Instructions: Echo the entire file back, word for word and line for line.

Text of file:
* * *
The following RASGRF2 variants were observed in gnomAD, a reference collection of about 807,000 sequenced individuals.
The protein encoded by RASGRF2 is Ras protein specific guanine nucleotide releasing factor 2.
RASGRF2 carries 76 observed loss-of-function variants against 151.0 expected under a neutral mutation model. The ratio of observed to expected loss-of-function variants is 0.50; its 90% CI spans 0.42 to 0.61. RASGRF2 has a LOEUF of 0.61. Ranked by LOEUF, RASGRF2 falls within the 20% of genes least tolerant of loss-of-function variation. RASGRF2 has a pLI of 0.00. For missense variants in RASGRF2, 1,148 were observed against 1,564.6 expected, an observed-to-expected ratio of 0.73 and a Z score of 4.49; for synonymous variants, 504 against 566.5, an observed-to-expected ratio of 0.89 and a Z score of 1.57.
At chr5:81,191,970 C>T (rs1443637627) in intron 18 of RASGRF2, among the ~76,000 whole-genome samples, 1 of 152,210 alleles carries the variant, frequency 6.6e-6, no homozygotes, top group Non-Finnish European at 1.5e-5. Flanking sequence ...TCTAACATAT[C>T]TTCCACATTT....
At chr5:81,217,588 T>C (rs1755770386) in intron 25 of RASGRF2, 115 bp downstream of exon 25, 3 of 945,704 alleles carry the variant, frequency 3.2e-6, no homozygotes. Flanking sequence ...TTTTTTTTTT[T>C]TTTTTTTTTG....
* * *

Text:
The following RASGRF2 variants were observed in gnomAD, a reference collection of about 807,000 sequenced individuals.
The protein encoded by RASGRF2 is Ras protein specific guanine nucleotide releasing factor 2.
RASGRF2 carries 76 observed loss-of-function variants against 151.0 expected under a neutral mutation model. The ratio of observed to expected loss-of-function variants is 0.50; its 90% CI spans 0.42 to 0.61. RASGRF2 has a LOEUF of 0.61. Ranked by LOEUF, RASGRF2 falls within the 20% of genes least tolerant of loss-of-function variation. RASGRF2 has a pLI of 0.00. For missense variants in RASGRF2, 1,148 were observed against 1,564.6 expected, an observed-to-expected ratio of 0.73 and a Z score of 4.49; for synonymous variants, 504 against 566.5, an observed-to-expected ratio of 0.89 and a Z score of 1.57.
At chr5:81,191,970 C>T (rs1443637627) in intron 18 of RASGRF2, among the ~76,000 whole-genome samples, 1 of 152,210 alleles carries the variant, frequency 6.6e-6, no homozygotes, top group Non-Finnish European at 1.5e-5. Flanking sequence ...TCTAACATAT[C>T]TTCCACATTT....
At chr5:81,217,588 T>C (rs1755770386) in intron 25 of RASGRF2, 115 bp downstream of exon 25, 3 of 945,704 alleles carry the variant, frequency 3.2e-6, no homozygotes. Flanking sequence ...TTTTTTTTTT[T>C]TTTTTTTTTG....